It features an Evangelical Christian summer camp in which children spend their summer and learn more about and practice their faith. It follows the camp, its workings, and some children who attend the camp. It provides as complete a picture as possible and features interviews with leaders of the community.

Things may or may not have changed in the country since Jesus Camp was made, but it is an interesting look at religious organizations and enterprises all the same. It is certainly not a full reflection, but it offers a look at the parts and practices most people wouldn’t even consider.

Jesus Camp was released in 2006 and is available for free on YouTube, Tubi, and Vudu.

15. Hoop Dreams

A documentary about two African-American high school students hoping to become professional basketball players, Hoop Dreams (directed by Steve James) is about that but also about so much more. It uses high school basketball and the dreams of these kids to point out issues regarding race, class, and education in American society. It portrays a Chicago unlike that which you’d see in the movies and balances hope, determination, and the reality of the challenges the students face. To compete in an ultra-competitive market, kids need to ensure rigorous practice schedules, long commutes, and more. It makes you wonder if it's worth it.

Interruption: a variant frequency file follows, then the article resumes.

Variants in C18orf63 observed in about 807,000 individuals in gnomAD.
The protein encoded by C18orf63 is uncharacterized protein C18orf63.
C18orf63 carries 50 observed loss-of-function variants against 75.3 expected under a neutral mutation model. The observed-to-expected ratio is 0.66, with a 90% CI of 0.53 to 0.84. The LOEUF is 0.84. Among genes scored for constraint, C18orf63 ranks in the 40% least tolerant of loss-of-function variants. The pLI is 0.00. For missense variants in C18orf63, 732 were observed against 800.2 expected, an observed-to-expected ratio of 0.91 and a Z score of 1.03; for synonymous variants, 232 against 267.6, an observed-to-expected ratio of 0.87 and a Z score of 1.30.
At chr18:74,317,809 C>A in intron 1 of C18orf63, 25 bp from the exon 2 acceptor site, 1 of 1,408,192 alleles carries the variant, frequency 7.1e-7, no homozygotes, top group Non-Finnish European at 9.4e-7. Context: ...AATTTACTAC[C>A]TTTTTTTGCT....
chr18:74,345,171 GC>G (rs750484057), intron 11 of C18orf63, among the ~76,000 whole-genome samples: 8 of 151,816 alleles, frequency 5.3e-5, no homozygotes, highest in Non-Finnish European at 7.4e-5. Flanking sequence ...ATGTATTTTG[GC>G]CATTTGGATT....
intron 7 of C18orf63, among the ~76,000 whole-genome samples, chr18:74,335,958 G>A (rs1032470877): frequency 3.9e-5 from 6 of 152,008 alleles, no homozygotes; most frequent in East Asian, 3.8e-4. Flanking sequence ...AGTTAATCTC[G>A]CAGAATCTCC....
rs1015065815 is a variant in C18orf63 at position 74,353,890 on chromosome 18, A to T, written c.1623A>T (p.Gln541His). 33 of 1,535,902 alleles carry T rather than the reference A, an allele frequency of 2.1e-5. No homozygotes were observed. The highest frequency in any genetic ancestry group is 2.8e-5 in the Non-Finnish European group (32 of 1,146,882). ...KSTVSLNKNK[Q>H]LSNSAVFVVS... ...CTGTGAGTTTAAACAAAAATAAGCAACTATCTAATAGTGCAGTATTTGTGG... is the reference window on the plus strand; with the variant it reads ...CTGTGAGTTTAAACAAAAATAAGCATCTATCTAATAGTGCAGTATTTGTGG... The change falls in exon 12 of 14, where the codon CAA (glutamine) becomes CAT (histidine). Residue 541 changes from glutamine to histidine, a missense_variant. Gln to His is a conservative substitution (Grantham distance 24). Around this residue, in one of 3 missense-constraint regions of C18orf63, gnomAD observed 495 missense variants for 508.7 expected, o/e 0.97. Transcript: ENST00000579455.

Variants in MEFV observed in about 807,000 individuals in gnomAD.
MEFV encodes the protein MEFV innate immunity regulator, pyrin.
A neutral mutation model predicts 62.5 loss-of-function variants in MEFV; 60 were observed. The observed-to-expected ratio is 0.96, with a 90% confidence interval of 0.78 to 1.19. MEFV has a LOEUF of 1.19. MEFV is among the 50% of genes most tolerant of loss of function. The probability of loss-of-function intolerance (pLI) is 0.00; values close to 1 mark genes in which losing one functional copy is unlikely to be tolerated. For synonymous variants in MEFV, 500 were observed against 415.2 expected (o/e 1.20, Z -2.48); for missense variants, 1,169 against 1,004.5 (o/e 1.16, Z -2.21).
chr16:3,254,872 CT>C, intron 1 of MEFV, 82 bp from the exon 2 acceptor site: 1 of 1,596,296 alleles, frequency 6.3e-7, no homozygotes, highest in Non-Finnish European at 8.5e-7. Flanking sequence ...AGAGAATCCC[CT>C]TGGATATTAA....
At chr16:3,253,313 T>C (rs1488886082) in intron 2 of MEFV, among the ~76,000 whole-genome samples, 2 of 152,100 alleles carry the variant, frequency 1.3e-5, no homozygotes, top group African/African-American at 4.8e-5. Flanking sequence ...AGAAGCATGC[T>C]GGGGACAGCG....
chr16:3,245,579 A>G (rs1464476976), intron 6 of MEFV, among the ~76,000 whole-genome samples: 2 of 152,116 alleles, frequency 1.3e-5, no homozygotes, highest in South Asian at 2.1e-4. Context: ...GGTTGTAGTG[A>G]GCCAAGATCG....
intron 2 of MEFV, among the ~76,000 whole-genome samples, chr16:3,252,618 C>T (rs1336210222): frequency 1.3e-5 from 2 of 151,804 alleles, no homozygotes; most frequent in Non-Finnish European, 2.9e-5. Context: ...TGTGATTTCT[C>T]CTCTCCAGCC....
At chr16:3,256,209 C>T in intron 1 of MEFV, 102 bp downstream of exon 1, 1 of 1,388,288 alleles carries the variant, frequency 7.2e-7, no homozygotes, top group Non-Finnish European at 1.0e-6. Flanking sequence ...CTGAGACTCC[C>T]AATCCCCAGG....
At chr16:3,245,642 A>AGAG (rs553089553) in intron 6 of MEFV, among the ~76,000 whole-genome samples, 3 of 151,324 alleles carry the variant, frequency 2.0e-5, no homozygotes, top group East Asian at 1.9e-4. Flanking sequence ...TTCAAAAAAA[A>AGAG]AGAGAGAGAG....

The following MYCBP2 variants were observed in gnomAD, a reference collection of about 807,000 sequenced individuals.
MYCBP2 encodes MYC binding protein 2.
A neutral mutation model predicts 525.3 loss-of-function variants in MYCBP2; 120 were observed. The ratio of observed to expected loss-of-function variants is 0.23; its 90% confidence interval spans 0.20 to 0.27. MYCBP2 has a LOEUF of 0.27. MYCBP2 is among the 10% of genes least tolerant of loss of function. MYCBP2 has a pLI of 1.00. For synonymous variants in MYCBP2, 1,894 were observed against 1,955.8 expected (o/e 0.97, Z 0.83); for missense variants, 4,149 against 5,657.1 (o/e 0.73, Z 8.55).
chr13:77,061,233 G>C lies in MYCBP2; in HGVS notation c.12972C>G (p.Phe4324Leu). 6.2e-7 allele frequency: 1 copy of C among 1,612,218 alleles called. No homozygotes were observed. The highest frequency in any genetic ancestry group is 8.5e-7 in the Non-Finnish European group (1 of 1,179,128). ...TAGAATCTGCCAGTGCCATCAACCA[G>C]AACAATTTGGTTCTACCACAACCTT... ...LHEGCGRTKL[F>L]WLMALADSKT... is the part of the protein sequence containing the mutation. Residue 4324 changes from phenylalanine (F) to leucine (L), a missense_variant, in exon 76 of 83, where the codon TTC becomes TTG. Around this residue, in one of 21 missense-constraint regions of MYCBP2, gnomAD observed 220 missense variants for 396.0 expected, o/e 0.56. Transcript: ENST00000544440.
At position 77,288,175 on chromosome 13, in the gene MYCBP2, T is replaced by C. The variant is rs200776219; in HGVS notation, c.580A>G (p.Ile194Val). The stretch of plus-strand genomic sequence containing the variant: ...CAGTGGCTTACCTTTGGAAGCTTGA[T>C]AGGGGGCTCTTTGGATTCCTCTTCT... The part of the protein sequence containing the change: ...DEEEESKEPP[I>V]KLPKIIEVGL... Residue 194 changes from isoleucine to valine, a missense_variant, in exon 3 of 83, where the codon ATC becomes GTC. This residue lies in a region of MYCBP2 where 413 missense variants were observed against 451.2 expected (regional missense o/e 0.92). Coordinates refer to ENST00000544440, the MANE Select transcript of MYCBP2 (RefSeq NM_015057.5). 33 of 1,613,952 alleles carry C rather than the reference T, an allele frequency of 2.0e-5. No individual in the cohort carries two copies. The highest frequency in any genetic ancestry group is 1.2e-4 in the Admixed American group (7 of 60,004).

Hoop Dreams might break your heart, and it should. And while the film is not modern and the stars would be retired from professional sports even if they made it, Hoop Dreams still has something to say about how we look at sports, our values, and the American Dream. It is more than just a film about basketball. It is a film about life in this country at the time. Something like that is always worth watching when it is well-made.

Hoop Dreams was released in 1994 and is available on HBO Max, Hulu, Showtime, Amazon Prime Video, Sling TV, and fuboTV.

A Few Final Notes

Before we finish, here are a few more things you may want to keep in mind about these documentaries:

  • Note that we do not necessarily endorse the views in any of these documentaries. As it's an inherently opinionated medium, you might find yourself disagreeing with some interviewees and the general outlook of some of these pieces. And that’s ok! We hope you engage with them even if you disagree, as it can help you evolve your outlook or better understand why you disagree with a position.
  • While we provided notes on where to watch these documentaries, do note that streaming rights and availability change over time, sometimes rapidly. The good news is that if you’re willing to rent something online, it will nearly always be available from one platform or another.
  • The notes listed on availability are also for the United States. We recommend you search for your own if you live outside the U.S.
  • These documentaries are only the tip of the iceberg. Do continue to see what’s out there, see if the directors of the pieces above have other work, and more! Even browsing around your streaming service of choice will yield you some great results.


Have you seen a few things you’re interested in? Any documentaries you just have to watch tonight? We certainly hope so, and we hope that they make you think more deeply about the world around you and maybe change your mind about a few things. You might not feel your life has changed immediately, but if an interest has been sparked, then so much can happen in the future. May you have a great time watching and may you get the inspiration you are looking for.